Faith and Reason

Faith and Reason

Faith and Reason

Faith and Reason

Synopsis

The practice of a religion such as Christianity is normally said to involve faith. But different theologians give different account of faith--some say it is simply a belief that God exists, other say it is trust in God. In this third and final volume of his trilogy on philosophical theology, Swinburne analyzes the purposes for practicing a religion--the attainment of salvation for oneself and the rendering of due worship and obedience to God--and concludes that both trust and belief are necessary for religious faith, but that the belief involved is a fairly weak kind--the belief that a certain creed is more likely than others to be true.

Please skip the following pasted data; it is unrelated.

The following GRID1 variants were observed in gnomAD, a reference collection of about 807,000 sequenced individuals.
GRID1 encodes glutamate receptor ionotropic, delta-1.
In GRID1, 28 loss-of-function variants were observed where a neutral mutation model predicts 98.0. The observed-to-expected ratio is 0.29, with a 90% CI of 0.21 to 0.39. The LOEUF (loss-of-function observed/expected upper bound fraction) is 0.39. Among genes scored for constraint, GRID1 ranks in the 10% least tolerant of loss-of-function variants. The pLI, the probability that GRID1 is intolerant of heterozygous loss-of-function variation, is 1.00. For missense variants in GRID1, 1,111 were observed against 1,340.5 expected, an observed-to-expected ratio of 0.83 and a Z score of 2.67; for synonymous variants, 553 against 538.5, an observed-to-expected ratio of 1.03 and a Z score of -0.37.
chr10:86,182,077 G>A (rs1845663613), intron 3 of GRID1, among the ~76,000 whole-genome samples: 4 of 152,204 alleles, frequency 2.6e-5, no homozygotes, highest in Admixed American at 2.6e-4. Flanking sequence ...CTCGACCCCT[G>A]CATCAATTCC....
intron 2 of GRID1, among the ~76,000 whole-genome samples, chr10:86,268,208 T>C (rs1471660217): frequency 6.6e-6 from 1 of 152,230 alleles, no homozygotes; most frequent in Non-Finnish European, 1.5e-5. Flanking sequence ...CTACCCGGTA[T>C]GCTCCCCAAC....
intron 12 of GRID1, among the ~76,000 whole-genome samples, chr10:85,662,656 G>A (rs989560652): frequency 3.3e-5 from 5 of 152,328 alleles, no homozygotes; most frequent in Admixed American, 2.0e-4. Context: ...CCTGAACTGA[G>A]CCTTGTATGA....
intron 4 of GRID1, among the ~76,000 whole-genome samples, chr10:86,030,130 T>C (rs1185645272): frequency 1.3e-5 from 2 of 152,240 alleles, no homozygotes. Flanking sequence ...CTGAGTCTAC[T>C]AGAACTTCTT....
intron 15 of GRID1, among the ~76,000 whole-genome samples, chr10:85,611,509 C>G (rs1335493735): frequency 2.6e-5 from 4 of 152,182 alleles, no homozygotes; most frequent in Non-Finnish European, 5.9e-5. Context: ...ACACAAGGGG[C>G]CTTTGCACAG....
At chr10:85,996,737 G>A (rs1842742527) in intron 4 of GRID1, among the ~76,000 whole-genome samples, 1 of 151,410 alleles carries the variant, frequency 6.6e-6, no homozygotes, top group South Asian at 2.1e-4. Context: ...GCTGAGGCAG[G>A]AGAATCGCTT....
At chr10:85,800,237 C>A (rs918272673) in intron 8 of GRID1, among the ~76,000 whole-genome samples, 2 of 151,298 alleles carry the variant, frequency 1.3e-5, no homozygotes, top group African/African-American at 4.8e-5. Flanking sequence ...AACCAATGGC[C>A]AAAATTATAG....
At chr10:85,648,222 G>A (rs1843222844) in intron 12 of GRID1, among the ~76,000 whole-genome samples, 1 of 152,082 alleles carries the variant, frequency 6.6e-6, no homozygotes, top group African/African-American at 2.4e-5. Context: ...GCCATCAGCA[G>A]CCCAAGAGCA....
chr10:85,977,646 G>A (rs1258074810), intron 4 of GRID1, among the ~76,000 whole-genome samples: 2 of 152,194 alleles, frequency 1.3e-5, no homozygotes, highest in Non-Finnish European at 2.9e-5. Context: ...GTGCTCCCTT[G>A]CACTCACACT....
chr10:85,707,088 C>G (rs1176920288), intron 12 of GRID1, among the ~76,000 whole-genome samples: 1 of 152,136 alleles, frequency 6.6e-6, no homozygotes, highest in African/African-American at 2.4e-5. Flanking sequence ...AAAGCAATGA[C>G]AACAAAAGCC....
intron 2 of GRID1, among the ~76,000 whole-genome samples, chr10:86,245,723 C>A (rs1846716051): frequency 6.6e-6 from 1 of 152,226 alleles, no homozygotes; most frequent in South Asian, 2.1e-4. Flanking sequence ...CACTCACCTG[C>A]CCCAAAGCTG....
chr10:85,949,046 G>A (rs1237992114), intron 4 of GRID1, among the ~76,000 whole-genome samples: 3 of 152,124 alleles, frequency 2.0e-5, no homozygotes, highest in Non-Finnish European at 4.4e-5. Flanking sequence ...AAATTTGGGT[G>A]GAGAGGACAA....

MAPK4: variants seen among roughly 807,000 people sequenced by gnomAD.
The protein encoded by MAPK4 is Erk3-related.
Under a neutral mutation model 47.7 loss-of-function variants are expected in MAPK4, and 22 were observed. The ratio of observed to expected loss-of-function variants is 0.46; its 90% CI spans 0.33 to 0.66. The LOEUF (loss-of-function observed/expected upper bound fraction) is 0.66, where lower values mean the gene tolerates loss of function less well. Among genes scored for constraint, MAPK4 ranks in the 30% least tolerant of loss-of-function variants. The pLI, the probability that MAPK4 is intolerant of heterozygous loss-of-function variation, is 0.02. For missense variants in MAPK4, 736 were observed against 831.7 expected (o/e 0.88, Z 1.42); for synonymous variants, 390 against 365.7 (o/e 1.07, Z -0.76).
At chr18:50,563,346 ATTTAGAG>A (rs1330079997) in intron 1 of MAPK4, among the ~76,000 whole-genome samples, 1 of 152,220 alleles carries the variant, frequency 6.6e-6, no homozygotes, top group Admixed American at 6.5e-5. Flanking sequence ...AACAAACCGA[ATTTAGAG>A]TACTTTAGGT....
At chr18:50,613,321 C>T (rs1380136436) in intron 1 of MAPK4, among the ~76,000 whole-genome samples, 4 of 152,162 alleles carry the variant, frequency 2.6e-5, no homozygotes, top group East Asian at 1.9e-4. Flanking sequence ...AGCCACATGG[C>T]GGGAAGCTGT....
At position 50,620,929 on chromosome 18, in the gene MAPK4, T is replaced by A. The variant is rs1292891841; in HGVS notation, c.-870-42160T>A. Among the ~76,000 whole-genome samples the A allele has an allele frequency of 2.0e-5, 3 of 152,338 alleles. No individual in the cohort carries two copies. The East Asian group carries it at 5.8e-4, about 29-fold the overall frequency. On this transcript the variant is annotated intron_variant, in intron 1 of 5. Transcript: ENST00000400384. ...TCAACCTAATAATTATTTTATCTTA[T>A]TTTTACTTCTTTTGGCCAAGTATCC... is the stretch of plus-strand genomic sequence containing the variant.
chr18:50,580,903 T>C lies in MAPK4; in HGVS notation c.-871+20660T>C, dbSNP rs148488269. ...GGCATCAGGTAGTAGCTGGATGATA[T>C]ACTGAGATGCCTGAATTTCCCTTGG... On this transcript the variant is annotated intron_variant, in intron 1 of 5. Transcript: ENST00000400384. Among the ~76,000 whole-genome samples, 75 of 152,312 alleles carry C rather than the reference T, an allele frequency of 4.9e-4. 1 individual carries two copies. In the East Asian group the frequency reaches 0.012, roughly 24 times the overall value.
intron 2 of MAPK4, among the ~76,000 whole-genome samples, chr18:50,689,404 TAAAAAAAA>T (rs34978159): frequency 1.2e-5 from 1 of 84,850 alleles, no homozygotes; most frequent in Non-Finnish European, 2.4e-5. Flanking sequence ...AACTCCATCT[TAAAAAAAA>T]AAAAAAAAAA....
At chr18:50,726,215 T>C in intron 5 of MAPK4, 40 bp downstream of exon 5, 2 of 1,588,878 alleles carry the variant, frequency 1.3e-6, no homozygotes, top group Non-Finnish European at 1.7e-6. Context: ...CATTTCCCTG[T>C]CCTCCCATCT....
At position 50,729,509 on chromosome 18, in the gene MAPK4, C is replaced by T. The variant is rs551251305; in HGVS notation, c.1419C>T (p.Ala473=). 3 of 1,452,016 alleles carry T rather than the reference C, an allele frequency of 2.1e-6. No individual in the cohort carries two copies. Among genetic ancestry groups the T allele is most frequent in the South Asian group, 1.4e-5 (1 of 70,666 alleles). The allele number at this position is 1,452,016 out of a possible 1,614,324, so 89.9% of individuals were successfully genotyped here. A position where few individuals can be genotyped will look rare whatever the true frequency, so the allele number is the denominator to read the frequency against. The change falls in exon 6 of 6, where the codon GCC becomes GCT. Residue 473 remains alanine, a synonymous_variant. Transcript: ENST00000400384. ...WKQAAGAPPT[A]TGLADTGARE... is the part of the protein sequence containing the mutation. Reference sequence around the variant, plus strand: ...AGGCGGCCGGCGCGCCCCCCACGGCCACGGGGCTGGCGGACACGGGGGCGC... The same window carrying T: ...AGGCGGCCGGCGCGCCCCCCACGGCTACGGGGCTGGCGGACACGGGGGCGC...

Excerpt

This book is based on the third of my three series of Wilde Lectures, given in the University of Oxford in Hilary Term 1978. (The first two series came to form my book The Existence of God.) I am most grateful to those who elected me to the Wilde Lectureship; and to the President and Fellows of St. John's College, Oxford, for the very generous hospitality which they showed me during the terms in which I delivered the lectures. I am also most grateful to Mrs Yvonne Quirke for her patient typing of various versions of the book.

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